Sometimes, the people you love dearly will go to great lengths to keep you small. They’ll dislike the fact that you appear happier than you used to be. They’ll mock the things you love, belittle your goals and take pleasure from the obstacles you face. Of course, this has absolutely nothing to do with you and everything to do with them.
Insecurities lead to comparisons. An insecure person will always try to measure themselves against others, and if they don’t like how they place themselves in the results, they’ll try to tear the other person down to their level. While some people appear to be intentional with this behaviour, I believe many don’t even realise they’re doing it.
Wouldn’t it be lovely if people could see and accept their own inherent greatness, rather than trying to pull down others in order to feel good? Sadly, we can’t control other people’s behaviour, but we can stay aware of what’s happening and take care of ourselves.
Writer Elizabeth Gilbert took to Facebook to address this very issue, sharing a story told by her friend Rob Bell about what he referred to as “the Crab Bucket”. I think of it every now and then, and would like to share it with you.
A few months ago, I was on stage with Rob Bell — minister, teacher, family man, great guy — and a woman in the audience asked him this question:
“I’m making all these important changes in my life, and I’m growing in so many new and exciting ways, but my family is resisting me. They seem threatened by my evolution as a person, and I don’t know what to do about it.”
Rob said, “Well, of course they’re threatened by your evolution as a person. You’re disrupting their entire world view. Remember that a family is basically just a big crab bucket — whenever one of the crabs climbs out and tries to escape, the other crabs will grab hold of him and pull him back down.”
I thought was a VERY unexpected comment to come from a minister and a family man!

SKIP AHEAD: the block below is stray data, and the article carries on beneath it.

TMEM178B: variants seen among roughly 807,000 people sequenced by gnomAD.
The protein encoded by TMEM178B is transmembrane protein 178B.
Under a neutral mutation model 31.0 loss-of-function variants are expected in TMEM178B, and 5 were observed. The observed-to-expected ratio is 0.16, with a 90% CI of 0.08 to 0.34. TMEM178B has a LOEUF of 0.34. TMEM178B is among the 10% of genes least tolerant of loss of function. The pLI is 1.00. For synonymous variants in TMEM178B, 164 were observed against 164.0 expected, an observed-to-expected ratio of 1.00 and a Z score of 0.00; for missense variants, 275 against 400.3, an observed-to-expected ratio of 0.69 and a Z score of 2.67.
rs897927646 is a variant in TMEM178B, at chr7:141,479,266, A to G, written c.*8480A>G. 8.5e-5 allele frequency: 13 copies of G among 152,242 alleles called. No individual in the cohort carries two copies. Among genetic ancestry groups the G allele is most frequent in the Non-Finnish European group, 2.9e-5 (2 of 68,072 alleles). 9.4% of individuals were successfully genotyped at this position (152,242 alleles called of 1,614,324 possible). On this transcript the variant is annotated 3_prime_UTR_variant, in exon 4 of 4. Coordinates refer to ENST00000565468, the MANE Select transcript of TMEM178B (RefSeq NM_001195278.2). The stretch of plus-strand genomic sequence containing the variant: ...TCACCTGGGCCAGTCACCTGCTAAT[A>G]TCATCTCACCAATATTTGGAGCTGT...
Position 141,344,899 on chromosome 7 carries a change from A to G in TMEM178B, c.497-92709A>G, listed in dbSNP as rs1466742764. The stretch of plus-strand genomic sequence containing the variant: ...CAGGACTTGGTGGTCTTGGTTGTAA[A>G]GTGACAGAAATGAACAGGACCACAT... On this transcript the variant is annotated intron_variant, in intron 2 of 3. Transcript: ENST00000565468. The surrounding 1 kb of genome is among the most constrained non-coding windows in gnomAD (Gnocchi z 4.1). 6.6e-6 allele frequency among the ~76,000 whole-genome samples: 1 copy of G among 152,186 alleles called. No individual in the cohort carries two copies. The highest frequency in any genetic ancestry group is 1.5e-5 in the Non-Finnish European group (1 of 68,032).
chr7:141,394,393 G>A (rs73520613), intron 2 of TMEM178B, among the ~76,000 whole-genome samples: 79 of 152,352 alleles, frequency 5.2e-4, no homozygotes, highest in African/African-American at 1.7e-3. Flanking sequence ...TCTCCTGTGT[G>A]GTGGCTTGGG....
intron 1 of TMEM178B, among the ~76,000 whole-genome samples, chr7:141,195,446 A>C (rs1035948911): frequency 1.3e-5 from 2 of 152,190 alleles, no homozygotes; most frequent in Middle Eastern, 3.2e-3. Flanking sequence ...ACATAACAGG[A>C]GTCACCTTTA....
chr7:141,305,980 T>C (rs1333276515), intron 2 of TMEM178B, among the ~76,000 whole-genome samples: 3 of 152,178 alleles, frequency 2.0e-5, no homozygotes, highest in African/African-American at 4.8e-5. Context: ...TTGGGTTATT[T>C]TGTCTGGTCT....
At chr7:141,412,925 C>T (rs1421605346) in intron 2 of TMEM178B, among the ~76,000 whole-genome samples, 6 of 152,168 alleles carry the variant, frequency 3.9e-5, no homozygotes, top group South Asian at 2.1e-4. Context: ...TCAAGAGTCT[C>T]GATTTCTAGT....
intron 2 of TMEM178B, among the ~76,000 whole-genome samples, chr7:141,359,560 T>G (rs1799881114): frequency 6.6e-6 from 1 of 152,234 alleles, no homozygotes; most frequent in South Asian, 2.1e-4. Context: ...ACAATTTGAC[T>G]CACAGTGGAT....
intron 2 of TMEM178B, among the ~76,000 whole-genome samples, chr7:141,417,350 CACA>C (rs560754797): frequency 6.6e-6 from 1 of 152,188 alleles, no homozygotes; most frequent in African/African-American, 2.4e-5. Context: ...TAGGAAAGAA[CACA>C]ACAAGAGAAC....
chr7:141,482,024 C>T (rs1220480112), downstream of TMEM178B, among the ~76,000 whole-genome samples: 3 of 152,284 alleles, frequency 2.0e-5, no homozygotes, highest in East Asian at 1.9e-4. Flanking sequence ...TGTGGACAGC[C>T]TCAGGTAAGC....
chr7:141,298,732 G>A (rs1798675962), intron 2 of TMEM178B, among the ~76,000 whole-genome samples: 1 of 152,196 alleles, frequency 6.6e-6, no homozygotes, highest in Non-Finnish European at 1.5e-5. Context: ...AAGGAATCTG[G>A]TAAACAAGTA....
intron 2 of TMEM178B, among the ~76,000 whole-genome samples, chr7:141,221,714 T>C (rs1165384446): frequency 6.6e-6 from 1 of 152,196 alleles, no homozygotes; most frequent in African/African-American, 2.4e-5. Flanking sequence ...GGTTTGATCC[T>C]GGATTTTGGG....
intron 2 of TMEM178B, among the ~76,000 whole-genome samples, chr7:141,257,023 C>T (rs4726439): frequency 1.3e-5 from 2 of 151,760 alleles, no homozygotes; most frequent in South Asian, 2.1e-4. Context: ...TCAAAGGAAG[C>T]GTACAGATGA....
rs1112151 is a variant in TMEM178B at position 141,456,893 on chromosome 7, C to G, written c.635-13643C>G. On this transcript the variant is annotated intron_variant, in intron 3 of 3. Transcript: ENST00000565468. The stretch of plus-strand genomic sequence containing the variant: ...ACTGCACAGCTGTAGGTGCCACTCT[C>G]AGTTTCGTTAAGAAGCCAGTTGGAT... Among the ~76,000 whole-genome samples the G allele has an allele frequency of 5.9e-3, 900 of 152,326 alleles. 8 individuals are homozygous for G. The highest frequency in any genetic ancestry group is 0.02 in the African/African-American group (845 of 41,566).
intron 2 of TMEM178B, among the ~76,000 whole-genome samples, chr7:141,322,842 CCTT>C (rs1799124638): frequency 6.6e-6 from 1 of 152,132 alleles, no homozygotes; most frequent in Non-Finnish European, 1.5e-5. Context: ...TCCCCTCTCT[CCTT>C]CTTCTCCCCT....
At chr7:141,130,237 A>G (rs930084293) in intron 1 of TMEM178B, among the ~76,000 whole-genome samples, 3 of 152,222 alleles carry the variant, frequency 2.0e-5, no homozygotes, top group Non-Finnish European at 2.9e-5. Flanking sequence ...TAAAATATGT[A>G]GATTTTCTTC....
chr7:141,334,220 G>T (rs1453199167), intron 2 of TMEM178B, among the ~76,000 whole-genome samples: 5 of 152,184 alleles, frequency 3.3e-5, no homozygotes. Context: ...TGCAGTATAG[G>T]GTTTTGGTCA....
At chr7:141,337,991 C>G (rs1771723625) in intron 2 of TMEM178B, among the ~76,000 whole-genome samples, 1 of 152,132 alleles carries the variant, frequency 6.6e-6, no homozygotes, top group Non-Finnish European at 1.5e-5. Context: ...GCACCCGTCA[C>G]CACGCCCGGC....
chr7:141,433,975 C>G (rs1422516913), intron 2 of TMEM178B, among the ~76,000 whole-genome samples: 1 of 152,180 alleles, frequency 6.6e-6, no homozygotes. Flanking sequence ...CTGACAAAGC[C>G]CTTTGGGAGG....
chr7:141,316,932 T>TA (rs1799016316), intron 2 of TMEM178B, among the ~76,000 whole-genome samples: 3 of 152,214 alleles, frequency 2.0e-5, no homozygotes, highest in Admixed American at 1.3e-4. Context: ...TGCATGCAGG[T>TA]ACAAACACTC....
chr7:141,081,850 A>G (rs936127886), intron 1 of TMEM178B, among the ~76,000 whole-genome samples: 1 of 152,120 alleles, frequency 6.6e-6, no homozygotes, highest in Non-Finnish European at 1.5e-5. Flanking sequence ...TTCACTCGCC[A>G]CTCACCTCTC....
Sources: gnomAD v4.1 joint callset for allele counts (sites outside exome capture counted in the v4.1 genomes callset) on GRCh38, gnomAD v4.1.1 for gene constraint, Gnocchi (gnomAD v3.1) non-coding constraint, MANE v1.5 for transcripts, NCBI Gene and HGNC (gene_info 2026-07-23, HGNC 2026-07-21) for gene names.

Rob surprised me even more, though, as he went on to say, “Families are institutions — just like a church, just like the army, just like a government. Their sense of their own stability depends upon keeping people in their correct place. Even if that stability is based on dysfunction or oppression. When you move out of your ‘correct place’ you threaten their sense of order, and they may very likely try to pull you back down.”
Friend groups can do this to each other, too. My friend was a heroin addict for many years, and she saw the same phenomenon at play with her friends in the drug world: One junkie would try to get clean, and the others would instantly pull her back down into addiction again. I’ve seen it happen, too, when friends try to sabotage another friend’s efforts to lose weight, or quit smoking, or stop drinking, or get in shape. (The mentality being: “If I can’t out of this crab bucket, NOBODY is getting out of this crab bucket.”)
Not every family (or family-like grouping) is like this, of course. Some families encourage their members not just to climb, but to soar, and sometimes even to fly away. That is true grace — to want somebody to grow, even if it means that they might outgrow you.
But others will try with all their might to hold you back, to pull you down into the crab bucket again and again.
If that is happening in your life, you must identify it and resist it…
As Rob Bell said beautifully: “If people love you, they will want you to grow. If somebody doesn’t want you to grow, you can call their feelings about you by many names…but you cannot call it love. You can call it fear, you can call it anger, you can call it control issues, you can call it resentment…but nobody has ever held anyone back because of love.”
Holding yourself back in order to make other people happy will not serve you, and — ultimately — it will not serve them, either.